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YouTube Partner Program Revises Wait Times for Monetization Re-Application

Hey YouTubers, brace yourselves for a significant change in YouTube's Partner Program (YPP) application process. Starting June 5, 2023, those rejected from YPP membership will have to wait longer before re-applying for content monetization.

Previously, creators could re-apply to YPP every 30 days regardless of why they were rejected. However, due to an influx of applications and subsequent review requests, YouTube is extending the timeline for creators who haven't altered their approach and still violate monetization policies.

Here's a quick rundown of the new policy:

  1. First-time rejection from YPP will still allow you to re-apply after 30 days.
  2. If rejected more than once, you must now wait 90 days before re-applying.
  3. Channels have 21 days to appeal rejection and suspension decisions.
  4. The 90-day waiting period also applies to channels already in the YPP, which will need to wait 90 days before reapplying if rejected a second time.
  5. Channels offering memberships will have them paused if they lose YPP eligibility. Memberships will be refunded if the channel isn't reinstated within 120 days.

The change aims to reduce the review load on YouTube's moderation team, prioritizing timely reviews of new applicants and appeals. In other words, YouTube doesn't have the time or resources to keep rejecting channels that refuse to revise their approach.

For those monetizing on YouTube, it's essential to be aware of the new rules. While most creators won't be affected, those who push the boundaries and violate policies now face a 90-day suspension, which could be a massive blow for those relying on YPP income.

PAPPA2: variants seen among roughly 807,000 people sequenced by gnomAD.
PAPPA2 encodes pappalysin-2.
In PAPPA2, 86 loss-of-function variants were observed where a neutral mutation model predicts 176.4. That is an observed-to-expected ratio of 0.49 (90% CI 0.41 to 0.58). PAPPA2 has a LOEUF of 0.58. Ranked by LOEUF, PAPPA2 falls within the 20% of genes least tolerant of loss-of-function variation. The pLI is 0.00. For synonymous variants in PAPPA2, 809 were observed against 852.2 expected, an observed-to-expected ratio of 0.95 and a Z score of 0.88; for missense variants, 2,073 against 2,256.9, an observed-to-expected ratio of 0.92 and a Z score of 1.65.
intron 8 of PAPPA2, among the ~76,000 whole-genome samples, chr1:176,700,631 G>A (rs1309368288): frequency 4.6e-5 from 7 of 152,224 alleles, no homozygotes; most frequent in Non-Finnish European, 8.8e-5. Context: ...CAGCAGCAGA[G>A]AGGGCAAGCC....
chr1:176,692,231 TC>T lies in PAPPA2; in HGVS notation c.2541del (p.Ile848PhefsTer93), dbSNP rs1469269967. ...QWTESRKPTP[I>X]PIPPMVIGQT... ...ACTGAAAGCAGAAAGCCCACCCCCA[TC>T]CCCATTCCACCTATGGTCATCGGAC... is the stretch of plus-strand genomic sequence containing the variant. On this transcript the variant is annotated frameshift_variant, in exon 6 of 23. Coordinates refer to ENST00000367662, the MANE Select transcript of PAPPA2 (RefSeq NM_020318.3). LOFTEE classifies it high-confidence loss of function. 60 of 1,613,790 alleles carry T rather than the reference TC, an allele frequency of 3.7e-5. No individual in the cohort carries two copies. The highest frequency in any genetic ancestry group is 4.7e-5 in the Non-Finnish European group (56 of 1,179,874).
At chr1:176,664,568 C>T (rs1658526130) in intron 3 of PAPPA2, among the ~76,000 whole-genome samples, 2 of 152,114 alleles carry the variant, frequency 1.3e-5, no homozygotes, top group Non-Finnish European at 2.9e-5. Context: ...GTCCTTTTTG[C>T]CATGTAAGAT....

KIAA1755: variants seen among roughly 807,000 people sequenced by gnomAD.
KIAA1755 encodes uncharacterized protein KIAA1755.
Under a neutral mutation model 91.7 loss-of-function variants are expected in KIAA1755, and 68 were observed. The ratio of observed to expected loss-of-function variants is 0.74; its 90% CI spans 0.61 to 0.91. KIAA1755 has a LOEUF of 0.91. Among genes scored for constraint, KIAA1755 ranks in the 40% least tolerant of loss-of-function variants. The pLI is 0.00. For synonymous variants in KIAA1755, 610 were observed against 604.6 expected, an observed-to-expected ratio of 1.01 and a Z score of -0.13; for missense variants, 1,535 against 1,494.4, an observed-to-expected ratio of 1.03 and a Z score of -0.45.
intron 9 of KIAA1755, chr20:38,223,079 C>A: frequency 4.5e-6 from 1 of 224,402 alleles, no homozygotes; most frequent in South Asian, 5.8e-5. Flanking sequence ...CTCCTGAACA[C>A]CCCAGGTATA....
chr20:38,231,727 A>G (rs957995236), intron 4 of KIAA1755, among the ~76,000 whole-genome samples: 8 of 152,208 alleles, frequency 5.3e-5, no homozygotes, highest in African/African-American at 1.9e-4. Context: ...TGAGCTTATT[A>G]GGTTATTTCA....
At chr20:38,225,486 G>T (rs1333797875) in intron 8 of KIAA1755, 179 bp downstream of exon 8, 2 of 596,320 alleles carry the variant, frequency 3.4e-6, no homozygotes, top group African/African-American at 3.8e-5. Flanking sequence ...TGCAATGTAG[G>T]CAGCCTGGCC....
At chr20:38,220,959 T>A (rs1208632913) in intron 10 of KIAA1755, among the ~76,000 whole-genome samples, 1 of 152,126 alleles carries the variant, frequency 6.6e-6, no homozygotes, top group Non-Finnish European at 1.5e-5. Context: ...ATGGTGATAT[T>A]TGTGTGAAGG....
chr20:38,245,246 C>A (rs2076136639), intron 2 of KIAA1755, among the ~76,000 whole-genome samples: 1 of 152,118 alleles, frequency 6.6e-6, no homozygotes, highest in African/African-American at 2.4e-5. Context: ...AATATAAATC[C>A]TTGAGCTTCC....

The updated policy could also discourage channels from constantly testing the limits, as the risk of losing access for 90 days may be too high. With over $10 billion paid annually to creators through YPP, YouTube remains the top platform for video monetization. These changes will likely lead to fewer violations and less review work for the YouTube team.

Interestingly, this development might encourage more creators to explore Twitter as an alternative platform. With Elon Musk and others seeking to provide more video monetization options and a more lenient approach to content rules, Twitter could benefit from this change in YouTube's policy.

However, YouTube still dominates the video monetization landscape, and the new rules will likely help maintain a higher quality content ecosystem, benefiting both creators and viewers alike.